This bill passed the Senate 39-0.

A BILL AMENDING THE INSURANCE HOLDING COMPANY ACT ( SB 16): This bill would update and adopt National Association of Insurance (NAIC) language concerning group-wide supervisors. The Kansas Insurance Commissioner would act as the group-wide supervisor for any internationally active insurance group and may acknowledge another official as the supervisor. Secondly, the bill would create new law based on the NAIC Corporate Governance Annual Disclosure (CGAD) Model Act, whereby insurers would submit a CGAD to the Insurance Commissioner each year. 
This bill passed the Senate 38-1.

INSURANCE COVERAGE OF SELF-SERVICE STORAGE UNITS ( SB 14):This bill would allow the Insurance Commissioner to issue limited licenses to self-service storage companies. The license would allow the holder to act as an agent of an insurer authorized to write insurance in Kansas. Such policies issued by self-service storage companies shall not exceed $5,000 of coverage per customer per storage unit.  Other details concerning the availability of policies and the requirements for licensees are further outlined in the bill. 
This bill passed the Senate 38-1.

A BILL AMENDING THE KANSAS MORTGAGE BUSINESS ACT ( SB 18):This bill would amend provisions of the Kansas Mortgage Business Act (KMBA), whereby only a KMBA license would be the required to conduct mortgage business in Kansas. This would clarify that no other license would be required, and would require the annual reports submitted by each KMBA licensee to remain confidential.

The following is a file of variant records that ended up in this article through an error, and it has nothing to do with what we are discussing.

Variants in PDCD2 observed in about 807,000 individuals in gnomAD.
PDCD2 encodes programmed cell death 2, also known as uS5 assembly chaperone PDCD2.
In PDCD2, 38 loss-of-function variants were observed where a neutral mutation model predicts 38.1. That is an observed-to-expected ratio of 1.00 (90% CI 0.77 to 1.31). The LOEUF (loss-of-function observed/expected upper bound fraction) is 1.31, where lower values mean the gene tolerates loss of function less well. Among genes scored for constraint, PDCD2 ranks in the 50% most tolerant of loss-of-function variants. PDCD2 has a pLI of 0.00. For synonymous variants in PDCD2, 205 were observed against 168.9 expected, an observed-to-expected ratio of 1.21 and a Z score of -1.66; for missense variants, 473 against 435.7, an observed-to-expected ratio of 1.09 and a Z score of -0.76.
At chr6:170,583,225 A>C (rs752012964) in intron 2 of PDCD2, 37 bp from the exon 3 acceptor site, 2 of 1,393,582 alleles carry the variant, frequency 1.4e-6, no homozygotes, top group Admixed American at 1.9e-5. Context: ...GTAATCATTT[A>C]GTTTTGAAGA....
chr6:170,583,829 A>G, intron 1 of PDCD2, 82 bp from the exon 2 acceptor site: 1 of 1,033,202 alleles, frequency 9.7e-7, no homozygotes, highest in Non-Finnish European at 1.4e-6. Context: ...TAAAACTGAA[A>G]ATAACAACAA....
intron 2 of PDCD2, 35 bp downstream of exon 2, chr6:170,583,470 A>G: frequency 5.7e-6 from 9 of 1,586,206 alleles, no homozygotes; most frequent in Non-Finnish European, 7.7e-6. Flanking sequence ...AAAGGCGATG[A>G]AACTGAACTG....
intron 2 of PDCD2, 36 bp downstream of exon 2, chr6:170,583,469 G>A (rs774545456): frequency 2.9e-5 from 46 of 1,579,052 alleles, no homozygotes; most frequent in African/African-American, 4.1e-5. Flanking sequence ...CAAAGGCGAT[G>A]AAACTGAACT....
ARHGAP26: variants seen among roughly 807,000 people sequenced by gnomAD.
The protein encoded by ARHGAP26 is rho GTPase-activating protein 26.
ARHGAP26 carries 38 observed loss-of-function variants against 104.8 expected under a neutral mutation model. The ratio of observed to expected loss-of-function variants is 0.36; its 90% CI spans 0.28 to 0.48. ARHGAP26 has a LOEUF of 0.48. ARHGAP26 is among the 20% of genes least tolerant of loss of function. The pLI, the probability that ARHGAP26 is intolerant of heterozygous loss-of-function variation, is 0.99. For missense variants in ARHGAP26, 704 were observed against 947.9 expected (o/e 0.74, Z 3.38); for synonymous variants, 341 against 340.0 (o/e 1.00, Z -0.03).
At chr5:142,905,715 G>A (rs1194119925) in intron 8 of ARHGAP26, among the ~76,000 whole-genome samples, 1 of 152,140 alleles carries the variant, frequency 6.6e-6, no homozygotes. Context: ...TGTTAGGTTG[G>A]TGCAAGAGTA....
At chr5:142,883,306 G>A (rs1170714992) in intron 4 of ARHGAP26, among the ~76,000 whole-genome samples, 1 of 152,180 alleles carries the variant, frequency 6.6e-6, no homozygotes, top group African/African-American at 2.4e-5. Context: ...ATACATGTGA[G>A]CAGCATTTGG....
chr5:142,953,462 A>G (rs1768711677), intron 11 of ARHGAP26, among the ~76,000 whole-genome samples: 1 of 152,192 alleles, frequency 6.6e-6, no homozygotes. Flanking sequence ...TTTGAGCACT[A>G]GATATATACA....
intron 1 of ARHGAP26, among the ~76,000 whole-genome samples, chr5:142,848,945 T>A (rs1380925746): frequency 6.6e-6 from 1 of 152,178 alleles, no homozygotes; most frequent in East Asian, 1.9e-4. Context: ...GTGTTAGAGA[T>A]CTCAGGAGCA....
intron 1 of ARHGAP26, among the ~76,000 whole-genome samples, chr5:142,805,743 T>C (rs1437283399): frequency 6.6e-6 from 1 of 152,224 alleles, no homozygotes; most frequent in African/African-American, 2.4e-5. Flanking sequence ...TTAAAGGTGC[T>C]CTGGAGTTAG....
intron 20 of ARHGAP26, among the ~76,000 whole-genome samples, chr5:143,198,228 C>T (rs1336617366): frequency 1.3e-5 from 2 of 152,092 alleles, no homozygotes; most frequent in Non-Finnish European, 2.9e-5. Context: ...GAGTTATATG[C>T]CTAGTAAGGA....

This bill passed the Senate 39-0.

I voted YES on all these bills.
Kansas Republican Convention

On Saturday, I was pleased to attend the Kansas Republican Convention in Manhattan, where I joined many good friends and fellow conservative activists in electing our state officers for the next two years, in addition to hearing from our Republican officials.  State Treasurer Ron Estes is now the Republican nominee for the special election in the 4th  Congressional District to replace Congressman Mike Pompeo (appointed by President Trump to head the CIA), where the Democrats have nominated a candidate who strongly supports Bernie Sanders .  Much national attention is focused on this race and we must ensure it remains in conservative Republican hands.
Big Government Stat of the Week

Each week, I'll be highlighting a "big government stat of the week" which will reveal something about Kansas government that is too bloated and needs reform.
This week, I want to highlight the incredibly high public sector employment throughout Kansas, often taking up more than 1/3 - and sometimes 1/2 - of the employees within a county.  

As you can see, the need for private sector growth in Kansas is real, which is why policies like the small business exemption are important.  We need to reward efforts by our citizens to create their own jobs, even if they are just sole proprietors. While public service through government work is good work, the percentage of government employment in our state is too high to be sustainable or healthy for our communities.

What's Next?

Tomorrow the Senate resumes debate on tax and budget plans, and that debate will determine where our chamber is on those critical issues.  I will update you on that progress in the next newsletter.
Thank you.

In honor of your liberty,

Mary Pilcher-Cook

Mary Pilcher Cook

Working in honor of your liberty.
Contact me today!